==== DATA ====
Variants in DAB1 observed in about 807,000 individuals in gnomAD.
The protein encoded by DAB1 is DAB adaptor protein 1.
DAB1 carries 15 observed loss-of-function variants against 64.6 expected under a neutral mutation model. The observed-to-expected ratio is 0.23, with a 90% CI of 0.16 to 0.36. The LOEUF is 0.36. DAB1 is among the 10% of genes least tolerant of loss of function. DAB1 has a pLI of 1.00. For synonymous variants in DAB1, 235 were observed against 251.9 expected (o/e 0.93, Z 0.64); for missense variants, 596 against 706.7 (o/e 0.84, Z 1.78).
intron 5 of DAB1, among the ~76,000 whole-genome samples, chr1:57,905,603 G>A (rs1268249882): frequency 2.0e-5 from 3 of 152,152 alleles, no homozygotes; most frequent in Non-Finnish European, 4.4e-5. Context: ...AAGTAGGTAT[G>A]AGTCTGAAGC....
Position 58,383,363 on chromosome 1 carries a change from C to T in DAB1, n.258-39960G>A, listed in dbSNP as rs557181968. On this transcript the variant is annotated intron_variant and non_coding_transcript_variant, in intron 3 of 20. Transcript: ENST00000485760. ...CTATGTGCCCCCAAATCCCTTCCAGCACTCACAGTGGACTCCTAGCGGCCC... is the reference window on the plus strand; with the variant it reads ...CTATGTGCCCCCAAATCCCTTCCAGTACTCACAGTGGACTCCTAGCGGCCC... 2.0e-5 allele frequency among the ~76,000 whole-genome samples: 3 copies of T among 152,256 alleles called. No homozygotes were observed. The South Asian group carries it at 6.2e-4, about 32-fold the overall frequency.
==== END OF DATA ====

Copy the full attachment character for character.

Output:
Variants in DAB1 observed in about 807,000 individuals in gnomAD.
The protein encoded by DAB1 is DAB adaptor protein 1.
DAB1 carries 15 observed loss-of-function variants against 64.6 expected under a neutral mutation model. The observed-to-expected ratio is 0.23, with a 90% CI of 0.16 to 0.36. The LOEUF is 0.36. DAB1 is among the 10% of genes least tolerant of loss of function. DAB1 has a pLI of 1.00. For synonymous variants in DAB1, 235 were observed against 251.9 expected (o/e 0.93, Z 0.64); for missense variants, 596 against 706.7 (o/e 0.84, Z 1.78).
intron 5 of DAB1, among the ~76,000 whole-genome samples, chr1:57,905,603 G>A (rs1268249882): frequency 2.0e-5 from 3 of 152,152 alleles, no homozygotes; most frequent in Non-Finnish European, 4.4e-5. Context: ...AAGTAGGTAT[G>A]AGTCTGAAGC....
Position 58,383,363 on chromosome 1 carries a change from C to T in DAB1, n.258-39960G>A, listed in dbSNP as rs557181968. On this transcript the variant is annotated intron_variant and non_coding_transcript_variant, in intron 3 of 20. Transcript: ENST00000485760. ...CTATGTGCCCCCAAATCCCTTCCAGCACTCACAGTGGACTCCTAGCGGCCC... is the reference window on the plus strand; with the variant it reads ...CTATGTGCCCCCAAATCCCTTCCAGTACTCACAGTGGACTCCTAGCGGCCC... 2.0e-5 allele frequency among the ~76,000 whole-genome samples: 3 copies of T among 152,256 alleles called. No homozygotes were observed. The South Asian group carries it at 6.2e-4, about 32-fold the overall frequency.